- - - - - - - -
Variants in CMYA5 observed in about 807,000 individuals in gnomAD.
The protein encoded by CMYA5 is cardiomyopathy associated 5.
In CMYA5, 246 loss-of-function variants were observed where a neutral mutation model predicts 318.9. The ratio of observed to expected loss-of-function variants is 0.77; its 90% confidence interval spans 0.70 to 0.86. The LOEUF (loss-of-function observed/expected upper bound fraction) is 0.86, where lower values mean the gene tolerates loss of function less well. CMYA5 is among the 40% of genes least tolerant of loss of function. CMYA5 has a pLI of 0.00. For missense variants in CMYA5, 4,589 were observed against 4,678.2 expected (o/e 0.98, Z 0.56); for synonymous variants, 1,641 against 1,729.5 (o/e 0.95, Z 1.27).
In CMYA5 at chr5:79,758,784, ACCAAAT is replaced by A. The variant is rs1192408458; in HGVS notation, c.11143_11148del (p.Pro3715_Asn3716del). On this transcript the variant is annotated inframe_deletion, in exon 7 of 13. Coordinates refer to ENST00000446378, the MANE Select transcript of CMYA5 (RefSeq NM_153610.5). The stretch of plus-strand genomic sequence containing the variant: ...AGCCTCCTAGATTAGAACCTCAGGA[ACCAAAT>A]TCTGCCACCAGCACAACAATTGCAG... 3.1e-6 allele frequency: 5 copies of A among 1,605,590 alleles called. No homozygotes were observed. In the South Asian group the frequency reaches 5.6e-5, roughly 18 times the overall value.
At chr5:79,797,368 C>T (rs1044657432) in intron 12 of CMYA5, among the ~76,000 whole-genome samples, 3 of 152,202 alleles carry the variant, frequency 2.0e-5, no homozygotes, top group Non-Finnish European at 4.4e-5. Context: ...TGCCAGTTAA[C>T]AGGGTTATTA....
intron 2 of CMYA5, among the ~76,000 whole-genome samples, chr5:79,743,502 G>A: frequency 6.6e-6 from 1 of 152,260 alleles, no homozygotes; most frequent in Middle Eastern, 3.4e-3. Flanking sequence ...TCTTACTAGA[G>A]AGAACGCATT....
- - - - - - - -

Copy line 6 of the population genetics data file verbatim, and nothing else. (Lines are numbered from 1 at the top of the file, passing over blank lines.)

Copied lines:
intron 2 of CMYA5, among the ~76,000 whole-genome samples, chr5:79,743,502 G>A: frequency 6.6e-6 from 1 of 152,260 alleles, no homozygotes; most frequent in Middle Eastern, 3.4e-3. Flanking sequence ...TCTTACTAGA[G>A]AGAACGCATT....